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Object Initialization in CSharp 3.0 and VB.NET 9

Yesterday we looked at the new var keyword in CSharp.  This makes CSharp variable declaration similar to VB.  After all, they’ve had the DIM keyword for years which essentially does the same thing.

Today, we’re going to look at object initializers, which have been added to both CSharp and VB.


Let’s say we have a class named, “Customer” with the properties: FirstName, LastName, Address, City, and State.  If you wanted to initialize those properties as part of the object creation process you basically had two choices.  You could create a constructor with each of the properties represented as a parameter, or you could use the default constructor and then initialize each property individually immediately after you instantiate the object.  Using CSharp, that process would look something like:

        Customer c = new Customer() 
        c.FirstName = "Dave"; 
        c.LastName = "Bush";

 

in VB you could write code similar to the CSharp code above, with obvious syntax changes for VB, or you could use the WITH keyword to simplify it.

        Dim c As New Customer() 
        With c 
            .FirstName = "Dave" 
            .LastName = "Bush" 
        End With 

 

The new versions of these languages make the initialization process a bit easier.  Now, your CSharp code can look like:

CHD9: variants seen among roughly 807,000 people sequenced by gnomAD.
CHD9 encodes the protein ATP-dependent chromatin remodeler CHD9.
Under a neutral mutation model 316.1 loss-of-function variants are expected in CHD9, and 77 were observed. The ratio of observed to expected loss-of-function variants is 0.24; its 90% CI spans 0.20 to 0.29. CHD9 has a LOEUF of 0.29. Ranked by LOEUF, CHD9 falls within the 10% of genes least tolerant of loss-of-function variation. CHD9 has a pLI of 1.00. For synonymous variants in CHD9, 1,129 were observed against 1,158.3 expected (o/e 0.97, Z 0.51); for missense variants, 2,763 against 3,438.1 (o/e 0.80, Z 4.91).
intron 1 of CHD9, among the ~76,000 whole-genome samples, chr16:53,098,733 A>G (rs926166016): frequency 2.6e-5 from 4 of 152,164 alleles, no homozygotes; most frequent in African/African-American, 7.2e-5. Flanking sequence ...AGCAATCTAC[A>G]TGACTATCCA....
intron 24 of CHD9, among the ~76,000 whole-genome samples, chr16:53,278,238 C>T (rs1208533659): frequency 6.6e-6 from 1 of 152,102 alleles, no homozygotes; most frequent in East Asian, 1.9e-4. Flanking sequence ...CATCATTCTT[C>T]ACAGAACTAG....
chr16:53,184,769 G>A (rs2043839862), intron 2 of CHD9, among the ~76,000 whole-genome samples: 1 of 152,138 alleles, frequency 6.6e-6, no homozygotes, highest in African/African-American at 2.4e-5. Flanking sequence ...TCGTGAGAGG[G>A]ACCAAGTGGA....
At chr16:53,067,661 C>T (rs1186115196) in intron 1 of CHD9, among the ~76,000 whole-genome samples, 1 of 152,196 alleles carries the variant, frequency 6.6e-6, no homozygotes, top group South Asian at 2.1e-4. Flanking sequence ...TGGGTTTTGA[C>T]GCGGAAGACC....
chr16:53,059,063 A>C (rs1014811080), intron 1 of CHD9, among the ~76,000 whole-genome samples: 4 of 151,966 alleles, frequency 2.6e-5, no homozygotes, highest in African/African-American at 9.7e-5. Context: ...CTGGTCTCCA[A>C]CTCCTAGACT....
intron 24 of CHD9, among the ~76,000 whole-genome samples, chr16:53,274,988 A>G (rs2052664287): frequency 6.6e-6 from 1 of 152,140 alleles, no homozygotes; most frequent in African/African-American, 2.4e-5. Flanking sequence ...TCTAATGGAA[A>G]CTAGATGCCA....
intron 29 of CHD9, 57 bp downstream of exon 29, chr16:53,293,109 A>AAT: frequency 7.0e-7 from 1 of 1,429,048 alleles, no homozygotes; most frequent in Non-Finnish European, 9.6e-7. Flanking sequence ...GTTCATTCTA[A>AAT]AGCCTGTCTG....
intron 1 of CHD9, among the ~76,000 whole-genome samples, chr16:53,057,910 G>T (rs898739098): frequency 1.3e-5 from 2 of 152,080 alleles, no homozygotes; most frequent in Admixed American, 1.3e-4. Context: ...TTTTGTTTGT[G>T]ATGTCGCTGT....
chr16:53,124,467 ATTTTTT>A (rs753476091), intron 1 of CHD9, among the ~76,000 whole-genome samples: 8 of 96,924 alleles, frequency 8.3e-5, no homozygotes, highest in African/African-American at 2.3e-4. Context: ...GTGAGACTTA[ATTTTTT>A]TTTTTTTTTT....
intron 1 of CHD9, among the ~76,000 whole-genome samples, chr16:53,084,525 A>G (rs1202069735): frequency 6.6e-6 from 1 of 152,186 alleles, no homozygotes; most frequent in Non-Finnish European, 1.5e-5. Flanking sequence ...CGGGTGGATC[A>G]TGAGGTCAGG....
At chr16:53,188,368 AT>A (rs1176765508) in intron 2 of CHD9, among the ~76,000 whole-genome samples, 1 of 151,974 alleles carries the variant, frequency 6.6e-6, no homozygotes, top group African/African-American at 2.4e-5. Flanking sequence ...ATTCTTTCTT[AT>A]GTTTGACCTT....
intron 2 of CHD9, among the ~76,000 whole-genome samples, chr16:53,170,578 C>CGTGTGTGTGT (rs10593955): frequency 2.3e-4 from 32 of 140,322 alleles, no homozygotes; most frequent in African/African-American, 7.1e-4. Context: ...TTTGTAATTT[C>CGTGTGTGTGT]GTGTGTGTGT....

Customer c = new Customer() 
        { 
            FirstName = "Dave", 
            LastName = "Bush" 
        };

 

and your VB code can look like this:

        Dim c As New Customer() With { _ 
        .FirstName = "Dave", _ 
        .LastName = "Bush" _ 
        }

 

Keep in mind that the code that I just wrote compiles into the code I wrote using the old syntax.  This means that we can use this syntax in Visual Studio 2008 even if we are writing code for .NET 2.0.  Secondly, this means that it would still be faster to use the constructor with parameters if it is available.

My fear is that some of the new features in the compilers will allow lazy programmers to write crappy code.  The point of the object initialization syntax is not to help you avoid creating parameterized constructors.  The point is to make your coding life easier when, and only when, the proper parameterized constructors do not exist.

 

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Dave Bush is a Full Stack ASP.NET developer focusing on ASP.NET, C#, Node.js, JavaScript, HTML, CSS, BootStrap, and Angular.JS. Does your team need additional help in any of the above? Contact Dave today.